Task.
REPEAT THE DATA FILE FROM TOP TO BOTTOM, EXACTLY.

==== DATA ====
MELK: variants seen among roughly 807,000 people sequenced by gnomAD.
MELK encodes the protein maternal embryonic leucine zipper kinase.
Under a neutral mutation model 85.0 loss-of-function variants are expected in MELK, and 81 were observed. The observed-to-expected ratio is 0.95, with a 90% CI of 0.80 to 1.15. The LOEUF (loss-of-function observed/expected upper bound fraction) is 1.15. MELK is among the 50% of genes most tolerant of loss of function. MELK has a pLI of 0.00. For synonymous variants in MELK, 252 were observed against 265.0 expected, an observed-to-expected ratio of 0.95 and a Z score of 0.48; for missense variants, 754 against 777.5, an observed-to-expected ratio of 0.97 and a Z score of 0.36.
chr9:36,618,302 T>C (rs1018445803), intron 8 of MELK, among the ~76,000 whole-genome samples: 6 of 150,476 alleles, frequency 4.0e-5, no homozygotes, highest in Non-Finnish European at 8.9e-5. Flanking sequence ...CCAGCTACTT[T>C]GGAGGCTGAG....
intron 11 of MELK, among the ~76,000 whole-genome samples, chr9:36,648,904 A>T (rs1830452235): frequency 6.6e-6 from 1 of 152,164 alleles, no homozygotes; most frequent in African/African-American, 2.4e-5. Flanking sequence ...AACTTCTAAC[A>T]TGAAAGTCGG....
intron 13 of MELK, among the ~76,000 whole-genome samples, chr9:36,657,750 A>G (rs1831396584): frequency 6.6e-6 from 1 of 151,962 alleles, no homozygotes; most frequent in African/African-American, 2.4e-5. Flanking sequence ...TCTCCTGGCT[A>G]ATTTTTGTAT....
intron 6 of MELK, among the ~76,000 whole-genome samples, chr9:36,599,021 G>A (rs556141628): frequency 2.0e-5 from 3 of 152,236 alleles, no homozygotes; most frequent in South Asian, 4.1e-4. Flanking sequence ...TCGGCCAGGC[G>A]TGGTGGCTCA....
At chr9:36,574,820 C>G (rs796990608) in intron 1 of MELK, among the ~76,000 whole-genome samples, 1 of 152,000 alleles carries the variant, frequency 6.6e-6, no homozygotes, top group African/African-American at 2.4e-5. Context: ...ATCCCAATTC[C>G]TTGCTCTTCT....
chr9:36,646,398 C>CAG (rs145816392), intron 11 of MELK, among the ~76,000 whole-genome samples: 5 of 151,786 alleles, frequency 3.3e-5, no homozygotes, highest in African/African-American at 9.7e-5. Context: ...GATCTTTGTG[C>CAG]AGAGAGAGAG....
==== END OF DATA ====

MELK: variants seen among roughly 807,000 people sequenced by gnomAD.
MELK encodes the protein maternal embryonic leucine zipper kinase.
Under a neutral mutation model 85.0 loss-of-function variants are expected in MELK, and 81 were observed. The observed-to-expected ratio is 0.95, with a 90% CI of 0.80 to 1.15. The LOEUF (loss-of-function observed/expected upper bound fraction) is 1.15. MELK is among the 50% of genes most tolerant of loss of function. MELK has a pLI of 0.00. For synonymous variants in MELK, 252 were observed against 265.0 expected, an observed-to-expected ratio of 0.95 and a Z score of 0.48; for missense variants, 754 against 777.5, an observed-to-expected ratio of 0.97 and a Z score of 0.36.
chr9:36,618,302 T>C (rs1018445803), intron 8 of MELK, among the ~76,000 whole-genome samples: 6 of 150,476 alleles, frequency 4.0e-5, no homozygotes, highest in Non-Finnish European at 8.9e-5. Flanking sequence ...CCAGCTACTT[T>C]GGAGGCTGAG....
intron 11 of MELK, among the ~76,000 whole-genome samples, chr9:36,648,904 A>T (rs1830452235): frequency 6.6e-6 from 1 of 152,164 alleles, no homozygotes; most frequent in African/African-American, 2.4e-5. Flanking sequence ...AACTTCTAAC[A>T]TGAAAGTCGG....
intron 13 of MELK, among the ~76,000 whole-genome samples, chr9:36,657,750 A>G (rs1831396584): frequency 6.6e-6 from 1 of 151,962 alleles, no homozygotes; most frequent in African/African-American, 2.4e-5. Flanking sequence ...TCTCCTGGCT[A>G]ATTTTTGTAT....
intron 6 of MELK, among the ~76,000 whole-genome samples, chr9:36,599,021 G>A (rs556141628): frequency 2.0e-5 from 3 of 152,236 alleles, no homozygotes; most frequent in South Asian, 4.1e-4. Flanking sequence ...TCGGCCAGGC[G>A]TGGTGGCTCA....
At chr9:36,574,820 C>G (rs796990608) in intron 1 of MELK, among the ~76,000 whole-genome samples, 1 of 152,000 alleles carries the variant, frequency 6.6e-6, no homozygotes, top group African/African-American at 2.4e-5. Context: ...ATCCCAATTC[C>G]TTGCTCTTCT....
chr9:36,646,398 C>CAG (rs145816392), intron 11 of MELK, among the ~76,000 whole-genome samples: 5 of 151,786 alleles, frequency 3.3e-5, no homozygotes, highest in African/African-American at 9.7e-5. Context: ...GATCTTTGTG[C>CAG]AGAGAGAGAG....